Sometimes you may write code in RxJS that uses subjects. While subjects have a legitimate use cases, most of the times, they are actually unnecessary. In this case, for instance, we have a subject called click stream. Whenever a click event happens in this event listener, we will send that event into the subject using the .next method.
There are a couple reasons why this is a bad idea. First of all is that the click stream is now exposed here for any other script in the page to send events into it, so you may get confused how does this click stream work. You need to search for all of the usage of .next throughout the whole codebase. That may get confusing.
The second reason is that the event listener here is not being disposed. It's actually being attached to the document there and always staying there.
We can convert this subject to an observable and eliminate these two problems. We can do that with rx.observable.create. Here, the argument is just what we do when subscribe happens. We just write here the recipe for what should happen when subscribe happens.
For instance, we're literally just writing what happens when we subscribe. In that case, we just want to add an event listener on the inaudible . That event listener will send the event to the observer instead of sending it directly to the subject. We don't have a subject anymore. We just have the observer and the observable. We're going to send that event there, like this.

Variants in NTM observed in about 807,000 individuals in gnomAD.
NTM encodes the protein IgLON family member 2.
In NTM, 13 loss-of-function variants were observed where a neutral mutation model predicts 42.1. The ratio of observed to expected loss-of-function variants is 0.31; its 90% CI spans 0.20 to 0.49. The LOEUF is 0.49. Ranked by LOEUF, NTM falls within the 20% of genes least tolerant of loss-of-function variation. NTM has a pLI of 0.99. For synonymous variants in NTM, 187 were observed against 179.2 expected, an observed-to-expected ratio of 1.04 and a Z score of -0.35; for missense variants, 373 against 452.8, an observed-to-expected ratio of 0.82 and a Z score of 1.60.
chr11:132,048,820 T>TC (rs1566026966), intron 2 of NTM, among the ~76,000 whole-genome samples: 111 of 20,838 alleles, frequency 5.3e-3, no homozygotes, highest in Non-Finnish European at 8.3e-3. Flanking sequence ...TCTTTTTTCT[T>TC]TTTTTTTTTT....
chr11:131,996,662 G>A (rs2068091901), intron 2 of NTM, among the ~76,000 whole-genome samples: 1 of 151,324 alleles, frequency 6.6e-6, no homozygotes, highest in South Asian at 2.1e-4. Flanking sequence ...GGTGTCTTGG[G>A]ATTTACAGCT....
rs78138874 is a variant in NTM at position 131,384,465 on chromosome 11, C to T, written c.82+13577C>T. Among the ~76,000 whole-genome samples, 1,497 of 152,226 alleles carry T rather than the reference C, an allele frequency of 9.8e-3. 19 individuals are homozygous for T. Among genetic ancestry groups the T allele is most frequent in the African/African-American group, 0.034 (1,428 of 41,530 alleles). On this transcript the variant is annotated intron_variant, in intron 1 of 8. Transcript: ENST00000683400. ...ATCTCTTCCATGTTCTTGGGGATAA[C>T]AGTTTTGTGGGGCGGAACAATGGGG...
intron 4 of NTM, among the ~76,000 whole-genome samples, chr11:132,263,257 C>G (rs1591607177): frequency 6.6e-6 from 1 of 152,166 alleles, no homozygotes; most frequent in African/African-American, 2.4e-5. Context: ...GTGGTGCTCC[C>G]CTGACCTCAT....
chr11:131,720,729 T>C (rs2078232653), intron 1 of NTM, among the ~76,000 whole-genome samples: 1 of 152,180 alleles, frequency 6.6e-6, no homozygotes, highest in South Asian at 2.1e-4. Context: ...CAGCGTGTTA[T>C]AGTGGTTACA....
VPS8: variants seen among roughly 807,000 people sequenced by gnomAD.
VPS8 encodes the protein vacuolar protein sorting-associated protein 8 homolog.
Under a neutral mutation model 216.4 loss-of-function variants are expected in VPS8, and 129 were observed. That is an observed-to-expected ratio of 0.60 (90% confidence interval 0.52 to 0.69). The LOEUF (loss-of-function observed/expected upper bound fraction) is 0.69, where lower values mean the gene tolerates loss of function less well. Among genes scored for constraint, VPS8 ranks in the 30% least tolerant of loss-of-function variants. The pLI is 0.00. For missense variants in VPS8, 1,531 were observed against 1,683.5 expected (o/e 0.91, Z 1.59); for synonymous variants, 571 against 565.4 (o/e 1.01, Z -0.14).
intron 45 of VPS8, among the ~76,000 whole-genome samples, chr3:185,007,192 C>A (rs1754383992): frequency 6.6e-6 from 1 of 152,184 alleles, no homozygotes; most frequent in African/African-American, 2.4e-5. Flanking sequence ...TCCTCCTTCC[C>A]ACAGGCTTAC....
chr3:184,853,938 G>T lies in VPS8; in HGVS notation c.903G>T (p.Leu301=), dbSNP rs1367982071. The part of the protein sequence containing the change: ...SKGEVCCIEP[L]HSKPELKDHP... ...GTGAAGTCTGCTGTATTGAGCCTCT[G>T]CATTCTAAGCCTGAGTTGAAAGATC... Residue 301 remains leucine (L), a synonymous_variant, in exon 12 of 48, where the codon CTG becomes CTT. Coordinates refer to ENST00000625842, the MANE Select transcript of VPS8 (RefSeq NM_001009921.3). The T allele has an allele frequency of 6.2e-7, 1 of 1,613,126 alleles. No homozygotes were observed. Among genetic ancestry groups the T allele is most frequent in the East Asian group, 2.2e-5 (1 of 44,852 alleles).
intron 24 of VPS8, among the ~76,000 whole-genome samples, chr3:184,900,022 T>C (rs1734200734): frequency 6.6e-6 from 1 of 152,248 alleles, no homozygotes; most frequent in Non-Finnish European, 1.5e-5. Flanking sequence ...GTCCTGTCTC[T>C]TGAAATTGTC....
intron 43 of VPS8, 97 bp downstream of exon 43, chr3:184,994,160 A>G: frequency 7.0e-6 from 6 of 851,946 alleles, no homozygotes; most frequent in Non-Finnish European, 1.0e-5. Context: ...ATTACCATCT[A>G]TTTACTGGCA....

Obviously, we don't need this part anymore because we already have an event listener, and also the click stream now is an observable, so we don't even have this .next method available. It's only on subjects and observers.
We can remove this part and here when we subscribe to the click stream, we're going to just log out something interesting like the x-coordinate of that click. When we run this, we can click here, we can see those x-coordinates in the console.
One more thing, I also mentioned removing resources like the event listener. Here we added it to the document but we never removed it, so we can also code this logic inside the subscribe function as well.
Here, we can return unsubscribe function and this is the logic that we want to run once the user calls subscription.unsubscribe. Here we do our disposal.
For instance, when we subscribe, we get out a subscription. We can keep it like that so that later on we can clean out that subscription. For instance, if we run this code after four seconds, we can call subscription.unsubscribe. That will run the logic that is inside here.
For instance, we can do document.remove event listener, four clicks. We need to pass the reference to the same function. This function was actually anonymous. As you can see, there was no name to it. We need to have a name to function here.
That's why I'm going to extract this function and I'm going to put it over here. I'm going to call it just listener, is this anonymous function. That's what I'm registering when I add the listener. I'm going to remove that same exact function, like this.
This means that once we run this code, I can click for a while but after four seconds, I won't be able to click anymore as you can see, because the subscription was unsubscribed. This is how you can replace subjects with observables and have a lot of benefits from that.